Back in the 80’s and being able to flip channels and catch various regional wrestling programs pre the corporate take of Vince McMahon and his WWE was the most memorable time in wrestling history. Being able to catch both NWA and AWA programs in addition to the WWF with airings from World Class Championship Wrestling, World Championship Wrestling, Championship Wrestling From Florida and Mid-Atlantic Championship Wrestling meant plenty of hours of hitting record on the VCR to catch and relive your favorites in action. During a recent conversation with my OG, DJ Groove aka Fredy Blast, we got to discussing some of our favorite wrestlers of all time and I figured what could be more nostalgic than doing his top 5 list of masked wrestlers. After all, they were some of the most ruthless, yet not man enough to wrestle without their masks on type of heels to enter the squared circle. So with that being said, here’s his list (not in particular order).
Máscaras is one of the original “Big Three” of the lucha libre tradition in Mexico (the other two being El Santo and Blue Demon). He is considered one of the most influential wrestlers of all time for enhancing and popularizing the lucha libre style around the world both in the ring and as the star of 20 films. Máscaras made his international wrestling debut in 1968 at the Olympic Auditorium in Los Angeles, getting involved in rivalries against the likes of Ernie Ladd, John Tolos, Black Gordman and Goliath. In 1974, Máscaras was World Champion for a short-lived but very exciting promotion, the International Wrestling Association, which promoted in the New York City area. He had major title defenses at Roosevelt Stadium, in Jersey City, NJ, against top competitors such as Ivan Koloff and Ernie Ladd. Mil Máscaras appeared in World Wrestling Federation (WWF, now called WWE). He performed at Madison Square Garden several times after a ban on masked wrestlers was lifted for him, making him the first masked wrestler in the Garden, he defeated The Spoiler (who was not permitted to wear his mask). During this time, he feuded with Superstar Billy Graham over the WWF World Heavyweight Championship.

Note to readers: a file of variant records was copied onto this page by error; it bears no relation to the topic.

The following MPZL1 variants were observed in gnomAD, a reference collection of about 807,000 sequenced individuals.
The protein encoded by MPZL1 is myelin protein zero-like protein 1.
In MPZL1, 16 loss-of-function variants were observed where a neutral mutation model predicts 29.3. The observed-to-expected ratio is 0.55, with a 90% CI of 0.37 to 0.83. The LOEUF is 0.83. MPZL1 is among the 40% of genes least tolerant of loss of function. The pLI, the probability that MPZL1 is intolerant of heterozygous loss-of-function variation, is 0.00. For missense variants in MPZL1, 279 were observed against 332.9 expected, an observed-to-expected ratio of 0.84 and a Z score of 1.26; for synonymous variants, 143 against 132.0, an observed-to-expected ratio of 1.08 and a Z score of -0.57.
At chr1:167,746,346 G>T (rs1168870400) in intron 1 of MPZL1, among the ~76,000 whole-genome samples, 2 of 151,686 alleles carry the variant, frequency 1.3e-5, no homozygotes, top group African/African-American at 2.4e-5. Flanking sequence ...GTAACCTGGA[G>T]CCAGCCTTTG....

Canadian professional wrestler best known for his masked gimmick as The Spoiler. While a major star in various wrestling promotions, Jardine saw his greatest successes in the National Wrestling Alliance affiliated territories of Championship Wrestling from Florida, Georgia Championship Wrestling and Big Time Wrestling, which would eventually become known as World Class Championship Wrestling, from the early 1960s through the mid 1980s. He also trained The Undertaker. Jardine began wrestling in the mid-1950s, making his debut in 1955 at the age of 15. He made his Maple Leaf Gardens debut in 1959 as “Babyface” Don Jardine, a protégé of Whipper Billy Watson and wrestled preliminarily in Toronto until 1961 and returned briefly in 1964. In 1964, Jardine wrestled NWA World Heavyweight Champion Lou Thesz on TV in St. Louis, but did not win the title. Jardine also wrestled as The Butcher in Los Angeles in 1964. Whilst wrestling under “The Butcher” moniker, he teamed with both Mad Dog Vachon and Dutch Savage for a short time. He challenged Gene Kiniski for the NWA World Heavyweight Championship in 1966. He became one of the top masked wrestlers in the Southern United States, particularly in Texas, where The Spoiler was created by Fritz Von Erich in 1967. He famously walked the top rope, a move he would teach to Mark Calaway (the future The Undertaker) in the mid-1980s while competing in the World Class Championship Wrestling.
In 1973 he made his debut in the Detroit territory of the Sheik (Ed Farhat). He wrestled under a mask as the tag team “Para-Medics”. He then wrestled in Pittsburgh, Detroit, WWWF, and the IWA as Bolo Mongol, the new partner of his trainer, Geeto Mongol. He soon entered the Mid-Atlantic Championship Wrestling territory under the management of Boris Malenko and donned a mask as The Masked Superstar, given the character at the advice of matchmaker George Scott. It was stated that he was an Olympic champion by various wrestling promoters. He challenged opponents with a $10,000 reward to whoever could break his “cobra clutch”, as well as utilizing the “corkscrew neckbreaker”. The Masked Superstar was 6′ 3″, weighed 300 lbs and created many mismatches due to his size, strength and quickness. He had many bouts with Mighty Igor, Paul Jones, Blackjack Mulligan, Wahoo McDaniel, Mr. Wrestling II, Stan Hansen and “Wildfire” Tommy Rich, and Dick Murdoch. He was the first wrestler (along with Blackjack Mulligan) to have one-hour cage matches, then have a series of “12” ninety-minute cage matches against Mulligan. It is believed that neither feat of hour or hour and a half cage matches has since been performed by any wrestlers. He was one of the first wrestlers to body slam André the Giant. Among other accomplishments, he won four Georgia Heavyweight titles and unified that title with the NWA National Heavyweight Championship. He also competed in the World Wrestling Federation against many top wrestlers in 1983-84. He fought against many top level opponents, including then WWF champion Bob Backlund, Hulk Hogan and Sgt. Slaughter, and Jimmy Snuka.